I sometimes paint with oil, but I far prefer to paint with acrylic, because it is a lot easier to manipulate and clean up. Adding varnish, house paint, oils, and other substances to my acrylic paints can give the effect of painting with oils but without the mess, the smell, and the cleanup. I find that far more satisfying, because I'm able to get the effects that I want much faster than if I were to use oils.

    I get most of my supplies from places like local craft stores (Michaels or Hobby Lobby), home improvement stores (Lowe's or Home Depot), and amazon. I don't spend a lot on my supplies, except the gesso tends to be somewhat expensive, because it's a “real” art supply. I'm always amazed by what I can do with the things I find at the home improvement stores, and the best part is that they'll cut what you find to the size you want, because if you're like me, you don't have lots of heavy duty tools at home. I like to look through their scrap wood areas, because those tend to be on sale, and you can find some amazingly interesting surfaces there.

    I think that I like to paint so unconventionally because during the abuse there was always a certain way that things had to be done, so now when I paint, I throw out all the “rules” and paint with my fingers and hands instead of brushes, I use unconventional surfaces, and I paint concepts instead of objects. I feel free when I paint, even though I am allowing myself to be vulnerable by expressing what I'm thinking and feeling. It's especially helpful now that I'm doing trauma work, because I was so controlled for such a long time, and painting is allowing me to safely explore giving up some of that control. It also allows me to express who I am myself, without the restrictions from other people, without the expectations other people have for me.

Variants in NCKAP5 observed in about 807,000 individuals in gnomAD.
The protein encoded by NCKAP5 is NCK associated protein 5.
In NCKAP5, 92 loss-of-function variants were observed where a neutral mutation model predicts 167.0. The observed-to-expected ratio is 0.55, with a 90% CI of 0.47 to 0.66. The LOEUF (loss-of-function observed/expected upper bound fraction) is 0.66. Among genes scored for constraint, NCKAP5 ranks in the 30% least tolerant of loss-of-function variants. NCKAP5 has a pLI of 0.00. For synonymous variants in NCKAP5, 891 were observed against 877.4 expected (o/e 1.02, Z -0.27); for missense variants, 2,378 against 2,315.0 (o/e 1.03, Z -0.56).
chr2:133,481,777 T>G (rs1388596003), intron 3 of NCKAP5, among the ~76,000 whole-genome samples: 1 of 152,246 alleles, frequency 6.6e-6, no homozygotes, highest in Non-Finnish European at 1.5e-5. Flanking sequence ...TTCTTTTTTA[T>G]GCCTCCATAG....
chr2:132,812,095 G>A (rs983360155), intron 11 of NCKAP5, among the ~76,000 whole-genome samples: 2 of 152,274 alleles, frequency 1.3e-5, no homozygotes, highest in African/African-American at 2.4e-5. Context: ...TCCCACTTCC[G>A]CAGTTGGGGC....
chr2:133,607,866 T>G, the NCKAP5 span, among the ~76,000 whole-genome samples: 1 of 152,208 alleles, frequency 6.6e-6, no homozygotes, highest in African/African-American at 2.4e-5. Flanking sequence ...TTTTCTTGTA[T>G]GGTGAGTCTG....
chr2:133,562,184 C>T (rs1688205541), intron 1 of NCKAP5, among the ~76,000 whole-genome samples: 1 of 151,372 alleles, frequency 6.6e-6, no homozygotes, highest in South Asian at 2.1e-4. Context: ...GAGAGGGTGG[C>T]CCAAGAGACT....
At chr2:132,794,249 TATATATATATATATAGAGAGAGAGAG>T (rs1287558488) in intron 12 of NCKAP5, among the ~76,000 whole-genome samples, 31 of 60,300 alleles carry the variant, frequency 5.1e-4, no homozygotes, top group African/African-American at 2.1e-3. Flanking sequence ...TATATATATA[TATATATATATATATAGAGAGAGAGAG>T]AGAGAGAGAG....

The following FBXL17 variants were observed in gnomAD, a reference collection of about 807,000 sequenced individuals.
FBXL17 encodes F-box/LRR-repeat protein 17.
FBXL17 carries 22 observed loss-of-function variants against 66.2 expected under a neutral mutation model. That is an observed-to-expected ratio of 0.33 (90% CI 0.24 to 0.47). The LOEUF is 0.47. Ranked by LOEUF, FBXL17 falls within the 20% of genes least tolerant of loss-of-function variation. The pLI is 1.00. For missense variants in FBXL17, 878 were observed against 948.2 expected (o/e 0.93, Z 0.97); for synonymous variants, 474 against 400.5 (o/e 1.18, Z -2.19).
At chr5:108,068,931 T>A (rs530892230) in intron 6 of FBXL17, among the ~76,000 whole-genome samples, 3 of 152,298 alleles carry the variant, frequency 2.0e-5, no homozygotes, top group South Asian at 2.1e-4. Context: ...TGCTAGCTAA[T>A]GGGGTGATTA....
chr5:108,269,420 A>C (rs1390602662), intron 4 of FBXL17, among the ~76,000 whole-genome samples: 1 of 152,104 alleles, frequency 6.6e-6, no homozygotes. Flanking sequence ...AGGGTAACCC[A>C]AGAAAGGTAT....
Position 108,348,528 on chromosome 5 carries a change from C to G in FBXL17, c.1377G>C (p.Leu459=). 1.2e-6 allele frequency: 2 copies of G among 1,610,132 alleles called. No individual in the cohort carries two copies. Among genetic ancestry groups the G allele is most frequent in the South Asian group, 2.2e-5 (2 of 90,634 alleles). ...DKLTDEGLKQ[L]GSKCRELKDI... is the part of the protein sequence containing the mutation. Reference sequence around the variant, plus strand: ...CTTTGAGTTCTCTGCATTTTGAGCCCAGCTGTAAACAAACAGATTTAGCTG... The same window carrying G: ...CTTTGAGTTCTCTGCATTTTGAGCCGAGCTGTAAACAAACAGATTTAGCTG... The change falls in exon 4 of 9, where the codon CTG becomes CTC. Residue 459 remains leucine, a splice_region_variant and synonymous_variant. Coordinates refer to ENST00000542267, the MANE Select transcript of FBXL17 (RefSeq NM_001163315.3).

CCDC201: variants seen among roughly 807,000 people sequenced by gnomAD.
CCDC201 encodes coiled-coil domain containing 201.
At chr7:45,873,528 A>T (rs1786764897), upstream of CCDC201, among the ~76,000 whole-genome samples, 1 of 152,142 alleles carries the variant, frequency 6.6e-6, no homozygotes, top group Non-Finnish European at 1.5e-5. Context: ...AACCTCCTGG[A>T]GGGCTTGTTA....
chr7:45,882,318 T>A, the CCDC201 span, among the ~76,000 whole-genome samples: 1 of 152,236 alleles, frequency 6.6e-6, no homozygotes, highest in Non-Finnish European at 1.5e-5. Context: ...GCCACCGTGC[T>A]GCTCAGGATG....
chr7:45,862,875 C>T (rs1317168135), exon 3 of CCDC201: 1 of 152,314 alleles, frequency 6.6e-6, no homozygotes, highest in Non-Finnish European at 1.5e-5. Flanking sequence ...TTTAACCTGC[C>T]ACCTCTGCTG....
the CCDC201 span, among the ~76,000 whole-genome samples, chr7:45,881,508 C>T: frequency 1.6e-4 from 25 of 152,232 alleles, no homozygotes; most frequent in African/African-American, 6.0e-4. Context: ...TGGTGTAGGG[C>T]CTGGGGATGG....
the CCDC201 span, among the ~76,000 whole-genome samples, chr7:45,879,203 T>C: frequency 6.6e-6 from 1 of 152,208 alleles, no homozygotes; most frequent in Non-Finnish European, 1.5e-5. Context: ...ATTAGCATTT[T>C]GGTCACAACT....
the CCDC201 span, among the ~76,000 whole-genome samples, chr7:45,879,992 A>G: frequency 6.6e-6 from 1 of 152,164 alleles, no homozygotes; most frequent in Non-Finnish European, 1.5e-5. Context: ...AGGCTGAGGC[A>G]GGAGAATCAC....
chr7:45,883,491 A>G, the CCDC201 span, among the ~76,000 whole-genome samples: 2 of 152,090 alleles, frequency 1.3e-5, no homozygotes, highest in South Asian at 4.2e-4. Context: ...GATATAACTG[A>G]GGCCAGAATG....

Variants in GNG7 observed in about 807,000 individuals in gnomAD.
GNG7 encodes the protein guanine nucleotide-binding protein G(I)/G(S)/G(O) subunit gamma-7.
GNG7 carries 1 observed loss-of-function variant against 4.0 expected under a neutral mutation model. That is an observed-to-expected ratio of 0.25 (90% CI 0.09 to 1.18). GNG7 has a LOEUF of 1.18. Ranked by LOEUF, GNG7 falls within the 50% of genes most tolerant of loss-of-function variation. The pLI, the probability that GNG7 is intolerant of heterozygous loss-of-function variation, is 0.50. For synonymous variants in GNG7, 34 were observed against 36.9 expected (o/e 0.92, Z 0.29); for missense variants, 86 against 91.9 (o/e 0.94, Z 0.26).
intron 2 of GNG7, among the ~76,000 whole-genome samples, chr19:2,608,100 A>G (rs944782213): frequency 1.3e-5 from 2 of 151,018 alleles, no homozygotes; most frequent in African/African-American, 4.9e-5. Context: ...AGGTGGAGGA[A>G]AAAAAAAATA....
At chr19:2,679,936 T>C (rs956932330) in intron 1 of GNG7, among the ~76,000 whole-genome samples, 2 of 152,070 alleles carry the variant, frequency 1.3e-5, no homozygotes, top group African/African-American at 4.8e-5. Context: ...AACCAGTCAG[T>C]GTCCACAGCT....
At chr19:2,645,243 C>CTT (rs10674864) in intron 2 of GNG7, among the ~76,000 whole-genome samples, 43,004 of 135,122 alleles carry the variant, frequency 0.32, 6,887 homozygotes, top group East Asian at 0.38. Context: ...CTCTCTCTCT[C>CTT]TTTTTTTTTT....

Painting also helps when I have urges to self harm, because the way I paint, I'm doing something physical with my body, I get sensory feedback from it, but it's not harming my body. I guess it's a huge release of emotions, and a way to safely explore expressing myself without being extremely vulnerable, but putting myself out there in a small way. I've had to revise how I paint due to physical disabilities, but I do like that I can still do it to some extent even if my disabilities are giving me a rough time. The hardest thing about it is finding enough time to really get into a project. I like to work on a project from start to finish in one sitting, because then I don't lose the ideas and feelings that brought on the inspiration. If I think I won't have time in one sitting, I try to write down what I was thinking, as well as choose a song or a show that can provoke the emotions again, so that the project stays on track.

    I have sold some of my art, but now I tend to keep it in my own home, and sometimes I'll go back to a project that I did years ago and revise it, so that the same painting may change over years, as I work through whatever the inspiration was. Overall, painting and other forms of art are incredibly helpful for grounding, expression, redirecting impulses for self harm, and for working through the trauma abuse caused me. I probably do need to work on feeling comfortable sharing my work, but I haven't quite gotten there yet.
  8. Manya
    tysm tasha, posted here